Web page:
State Out of the Union: Arizona and the Final Showdown over the American Dream By Jeff Biggers Nation Books. 304 pages. $25.99.
Arizona holds a curious place in Americas public imagination. Recent media headlines out of the state depict witch hunts of ethnic studies teachers, military-style crackdowns on Latino immigrants, and a Tea Partier ethos that lies somewhere between Remember the Alamo and Morning in America. Frightening yet comical.
The title of Jeff Biggers's sweeping chronicle of Arizona, State Out of the Union, fittingly evokes Lincoln's ominous words at the outset of the Civil War. Best known for his reporting on Appalachian coal country, Biggers reveals an Arizona that is a cesspool of dysfunctional politics, where guns are turned on public officials and immigrants are hunted as fugitives. He also illuminates a segregated cultural landscape strafed by strip malls and vestiges of Manifest Destiny.
Biggers draws on interviews, blog posts, historical texts, and media reports to construct a conversation across communities, languages, and heritages. The temporal leaps often make the chronology difficult to follow, since the compression of anecdotes spanning three centuries within a few pages sometimes seems strained. But the structural discombobulation reflects Arizona's tortuous plotline.
While the media relish the bizarre and often paranoid antics of hard-right Arizonan politicians, the state has an equally powerful tradition of grassroots progressive movements. In fact, Biggers points out that for every community of evangelical zealots or border militants, there are organizations and movements that find creative ways of defending democracy and cultural pluralism.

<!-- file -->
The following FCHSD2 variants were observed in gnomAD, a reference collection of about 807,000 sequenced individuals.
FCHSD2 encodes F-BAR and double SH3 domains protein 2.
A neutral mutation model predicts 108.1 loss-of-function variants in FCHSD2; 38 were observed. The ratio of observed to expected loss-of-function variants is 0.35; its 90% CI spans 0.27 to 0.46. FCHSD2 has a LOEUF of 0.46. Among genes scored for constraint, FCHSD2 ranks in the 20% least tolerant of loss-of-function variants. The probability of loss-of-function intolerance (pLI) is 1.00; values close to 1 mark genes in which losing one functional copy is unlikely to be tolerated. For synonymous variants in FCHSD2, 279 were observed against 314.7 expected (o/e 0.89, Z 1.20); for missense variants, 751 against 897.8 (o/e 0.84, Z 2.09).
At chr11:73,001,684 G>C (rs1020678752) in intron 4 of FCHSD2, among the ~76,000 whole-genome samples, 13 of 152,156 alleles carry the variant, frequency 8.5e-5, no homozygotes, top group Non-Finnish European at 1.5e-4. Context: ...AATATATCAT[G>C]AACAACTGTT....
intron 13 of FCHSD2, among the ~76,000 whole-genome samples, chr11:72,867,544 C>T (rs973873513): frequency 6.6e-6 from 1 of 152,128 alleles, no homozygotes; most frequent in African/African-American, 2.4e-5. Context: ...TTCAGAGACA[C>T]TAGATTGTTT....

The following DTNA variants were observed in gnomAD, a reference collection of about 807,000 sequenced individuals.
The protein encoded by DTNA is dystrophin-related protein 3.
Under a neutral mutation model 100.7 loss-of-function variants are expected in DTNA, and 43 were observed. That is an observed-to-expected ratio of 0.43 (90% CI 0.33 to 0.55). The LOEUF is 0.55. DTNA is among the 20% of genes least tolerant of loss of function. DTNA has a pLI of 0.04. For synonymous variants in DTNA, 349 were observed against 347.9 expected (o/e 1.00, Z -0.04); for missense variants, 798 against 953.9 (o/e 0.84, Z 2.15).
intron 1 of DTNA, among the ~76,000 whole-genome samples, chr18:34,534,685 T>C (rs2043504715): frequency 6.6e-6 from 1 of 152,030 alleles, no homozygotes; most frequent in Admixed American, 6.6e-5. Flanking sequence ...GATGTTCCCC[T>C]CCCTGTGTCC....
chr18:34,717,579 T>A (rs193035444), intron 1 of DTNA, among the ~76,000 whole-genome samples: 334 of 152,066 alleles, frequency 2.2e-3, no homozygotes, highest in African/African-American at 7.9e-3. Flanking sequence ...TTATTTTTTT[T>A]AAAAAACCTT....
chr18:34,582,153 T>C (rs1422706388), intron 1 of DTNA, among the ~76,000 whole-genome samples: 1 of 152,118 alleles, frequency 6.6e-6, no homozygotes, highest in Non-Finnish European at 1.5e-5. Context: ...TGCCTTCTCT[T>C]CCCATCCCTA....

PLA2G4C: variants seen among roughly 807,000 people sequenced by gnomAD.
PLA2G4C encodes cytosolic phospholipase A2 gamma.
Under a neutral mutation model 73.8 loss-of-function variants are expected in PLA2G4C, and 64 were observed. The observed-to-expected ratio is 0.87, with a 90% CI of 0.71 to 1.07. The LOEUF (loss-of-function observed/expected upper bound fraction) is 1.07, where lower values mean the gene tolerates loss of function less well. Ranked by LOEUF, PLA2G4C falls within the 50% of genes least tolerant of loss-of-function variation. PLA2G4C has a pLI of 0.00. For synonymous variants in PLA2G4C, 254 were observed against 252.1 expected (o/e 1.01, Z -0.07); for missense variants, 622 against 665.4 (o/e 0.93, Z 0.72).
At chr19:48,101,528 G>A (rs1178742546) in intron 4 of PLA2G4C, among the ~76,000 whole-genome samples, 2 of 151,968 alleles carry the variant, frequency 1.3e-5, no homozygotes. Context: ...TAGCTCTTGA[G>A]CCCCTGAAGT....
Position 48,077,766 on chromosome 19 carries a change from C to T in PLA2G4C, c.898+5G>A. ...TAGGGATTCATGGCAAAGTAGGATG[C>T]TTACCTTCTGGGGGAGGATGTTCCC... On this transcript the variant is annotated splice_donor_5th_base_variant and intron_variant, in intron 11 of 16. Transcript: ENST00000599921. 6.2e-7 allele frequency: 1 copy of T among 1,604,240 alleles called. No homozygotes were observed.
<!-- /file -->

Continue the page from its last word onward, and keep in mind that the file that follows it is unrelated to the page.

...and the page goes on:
Arizona was a rogue state before it even joined the union. During the territory's infancy in the mid-nineteenth century, Arizonans were embroiled in power struggles that anticipated future tension over local autonomy, racial politics, corporate plundering of natural resources, and the exploitation of migrants.
In the early days, Arizonan pioneers, who included embattled Mormons and white ethnic laborers, confronted and bristled at powerful "outsiders," including carpetbagger politicians and absentee corporate bosses. But the most vicious backlash was reserved for indigenous people and Mexican Americans, whom many white settlers periodically demonized as aliens or invaders of their God-given dominion. That sentiment has been echoed more recently in militant nativist...